Also Read: Amy Schumer Claps Back at ‘I Feel Pretty’ Critics: ‘We All Struggle With Self-Esteem’

“I Feel Pretty” is the directorial debut of Abby Kohn and Marc Silverstein, who also wrote the screenplay.  Michelle Williams, Emily Ratajkowski, Rory Scovel, and Aidy Bryant also star.

Also out this weekend is Fox Searchlight’s “Super Troopers 2,” the sequel to the cult comedy by Jay Chandrasekhar. It was released in February 2002 and opened to $6.2 million — $9.8 million in today’s dollars — and the sequel is expected to open to $8-9 million this weekend.

The film is written by and stars the Broken Lizard comedy team, which includes Chandrasekhar, Kevin Heffernan, Steve Lemme, Paul Soter and Erik Stolhanske as a group of bumbling Vermont State Troopers. When a border dispute arises between the U.S. and Canada, the group sets up an outpost in the disputed land, and their arrival isn’t welcomed by the Canadians. Brian Cox, Seann William Scott, Lynda Carter, and Rob Lowe also star.

Also Read: ‘Super Troopers 2’ Red-Band Trailer Reunites Broken Lizard for More Madness (Video)

Finally, there’s Codeblack/Lionsgate’s “Traffik,” a thriller written and directed by Deon Taylor that stars Paula Patton as a journalist whose romantic getaway with her boyfriend is shattered after they accidentally come into possession of a phone belonging to a group of sex traffickers. Lionsgate is giving the film a targeted release of around 1,000 screens with a projected opening of $4 million.

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‘Rampage’ Tops Studios’ TV Ad Spending

Read on: Variety.

In this week’s edition of the Variety Movie Commercial Tracker, powered by the TV advertising attention analytics company iSpot.tv, Warner Bros. claims the top spot in spending with “Rampage.” Ads placed for the sci-fi film had an estimated media value of $5.47 million through Sunday for 1,110 national ad airings on 52 networks. (Spend figures […]

Super Troopers 2 is a waste of a high

Read on: The A.V. Club.

The original Super Troopers was marketed with the tag line, “Altered State Police.” In the sequel, released some 17 years later, there is a scene in which one of those aforementioned drug-addled cops hallucinates the words “Highway Patrol” reversing to say “Way High Patrol.” If there is any further doubt as to what…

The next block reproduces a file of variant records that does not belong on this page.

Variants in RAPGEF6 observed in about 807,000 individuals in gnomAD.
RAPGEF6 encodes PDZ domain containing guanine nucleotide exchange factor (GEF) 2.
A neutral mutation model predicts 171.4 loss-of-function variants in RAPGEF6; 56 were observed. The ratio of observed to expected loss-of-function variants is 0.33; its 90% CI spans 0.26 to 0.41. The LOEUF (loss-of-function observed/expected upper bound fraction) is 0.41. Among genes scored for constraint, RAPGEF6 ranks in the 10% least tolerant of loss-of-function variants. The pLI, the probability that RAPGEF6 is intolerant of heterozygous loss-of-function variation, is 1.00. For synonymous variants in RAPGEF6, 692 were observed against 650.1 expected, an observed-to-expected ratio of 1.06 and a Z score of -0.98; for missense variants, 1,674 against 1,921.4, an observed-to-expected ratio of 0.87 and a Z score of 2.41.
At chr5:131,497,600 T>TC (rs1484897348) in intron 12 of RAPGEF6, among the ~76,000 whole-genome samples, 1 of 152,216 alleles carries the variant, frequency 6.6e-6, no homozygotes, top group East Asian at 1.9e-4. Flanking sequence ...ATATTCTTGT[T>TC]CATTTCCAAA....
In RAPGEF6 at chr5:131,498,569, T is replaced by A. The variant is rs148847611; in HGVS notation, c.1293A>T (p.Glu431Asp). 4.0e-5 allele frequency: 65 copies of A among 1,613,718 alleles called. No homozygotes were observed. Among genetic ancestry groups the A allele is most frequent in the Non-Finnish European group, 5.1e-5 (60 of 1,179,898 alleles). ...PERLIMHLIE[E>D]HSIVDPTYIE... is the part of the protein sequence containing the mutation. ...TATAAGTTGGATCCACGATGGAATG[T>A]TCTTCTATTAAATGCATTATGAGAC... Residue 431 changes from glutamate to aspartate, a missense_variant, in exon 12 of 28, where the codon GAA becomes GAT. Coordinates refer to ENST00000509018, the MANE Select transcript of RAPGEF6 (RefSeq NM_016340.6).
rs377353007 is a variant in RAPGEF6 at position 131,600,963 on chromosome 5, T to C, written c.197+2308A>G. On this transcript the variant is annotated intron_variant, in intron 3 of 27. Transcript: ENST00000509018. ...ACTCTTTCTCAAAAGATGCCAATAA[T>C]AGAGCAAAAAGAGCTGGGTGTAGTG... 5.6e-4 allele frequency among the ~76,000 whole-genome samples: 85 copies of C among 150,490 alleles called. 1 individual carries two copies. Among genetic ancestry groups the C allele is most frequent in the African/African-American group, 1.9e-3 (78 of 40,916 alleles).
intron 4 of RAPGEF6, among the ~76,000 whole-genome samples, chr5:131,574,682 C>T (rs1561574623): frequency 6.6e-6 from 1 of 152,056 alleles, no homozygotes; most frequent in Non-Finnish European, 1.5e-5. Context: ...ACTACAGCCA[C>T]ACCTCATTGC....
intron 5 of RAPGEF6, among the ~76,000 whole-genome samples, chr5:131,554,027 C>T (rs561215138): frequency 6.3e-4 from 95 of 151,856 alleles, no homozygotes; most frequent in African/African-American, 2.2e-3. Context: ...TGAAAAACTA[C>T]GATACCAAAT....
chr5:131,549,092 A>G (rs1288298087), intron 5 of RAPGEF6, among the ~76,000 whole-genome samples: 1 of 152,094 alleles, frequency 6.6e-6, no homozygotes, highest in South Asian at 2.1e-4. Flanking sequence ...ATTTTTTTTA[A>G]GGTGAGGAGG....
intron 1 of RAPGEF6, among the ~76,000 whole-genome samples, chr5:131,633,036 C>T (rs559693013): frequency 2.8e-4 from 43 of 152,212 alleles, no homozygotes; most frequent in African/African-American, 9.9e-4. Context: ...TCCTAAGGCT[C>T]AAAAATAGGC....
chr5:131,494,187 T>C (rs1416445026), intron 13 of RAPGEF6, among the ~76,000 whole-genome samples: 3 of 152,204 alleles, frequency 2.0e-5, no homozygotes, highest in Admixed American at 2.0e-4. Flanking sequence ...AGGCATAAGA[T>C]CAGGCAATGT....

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The full Super Troopers 2 trailer actually comes with a liter of cola 

Read on: The A.V. Club.

When it comes to Super Troopers 2, a movie that’s coming out more than 17 years after the original, you’re probably either very excited already or you couldn’t care less. Do you like that “meow” gag? Do you like the “liter of cola” bit? Do you like the comfort of seeing characters you liked a long time ago acting…

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Goofy ‘Super Troopers 2’ Teaser Trailer Reunites Broken Lizard (Watch)

Read on: Variety.

The Broken Lizard team has officially returned with a wild, red-band teaser trailer for “Super Troopers 2,” 16 years after the original. The trailer — subtitled “Shave the Date” —  includes a bizarre comedy sequence involving the shaving of Erik Stolhanske’s Rabbit character by his fellow goofy Vermont state troopers. “Seriously, cut the crap, guys… Read more »

‘Super Troopers 2’ Red-Band Trailer Reunites Broken Lizard for More Madness (Video)

Read on: TheWrapTheWrap.

Everyone’s favorite law enforcement team is back in the teaser trailer for “Super Troopers 2.”

The main cast of Jay Chandrasekhar, Kevin Heffernan, Steve Lemme, Paul Soter, and Erik Stolhanske return as state troopers, 16 years after the original “Super Troopers” was released.

This time, the Super Troopers are tasked with establishing a Highway Patrol station during a border dispute between the U.S. and Canada.

Also Read: ‘Super Troopers 2’ Adds Rob Lowe to Cast

The film also stars Rob Lowe and Emmanuelle Chriqui; it’s directed by Chandrasekhar and written by Broken Lizard.

Broken Lizard, the comedy team behind the original film, raised more than $4.5 million during a crowd-funding campaign on Indiegogo in 2015 to fund “Super Troopers 2,” shooting past its initial goal of $2 million.

Also Read: ‘Super Troopers 2’ Reaches $2 Million Crowdfunding Goal; Will Budget Get Higher?

The first film grossed $18.5 million domestically and $23.2 million worldwide and received mediocre reviews, coming in at 35 percent on review aggregator Rotten Tomatoes. However, the film went on to become a cult hit.

“Super Troopers 2” will hit theaters on April 20, 2018.

Watch the teaser above.

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Fox Searchlight’s Super Troopers 2, the followup to 2001’s zany comedy from Broken Lizard, will arrive in theaters April 20, 2018. Broken Lizard’s Jay Chandrasekhar, Kevin Heffernan, Steve Lemme, Paul Soter and Erik Stolhanske are back as writers and stars with Chandrasekhar returning as the film’s director.  In the installment, the Super Troopers–Mac, Thorny, Foster, Rabbit and Farva — are called in to set up a new Highway Patrol station  when an international border…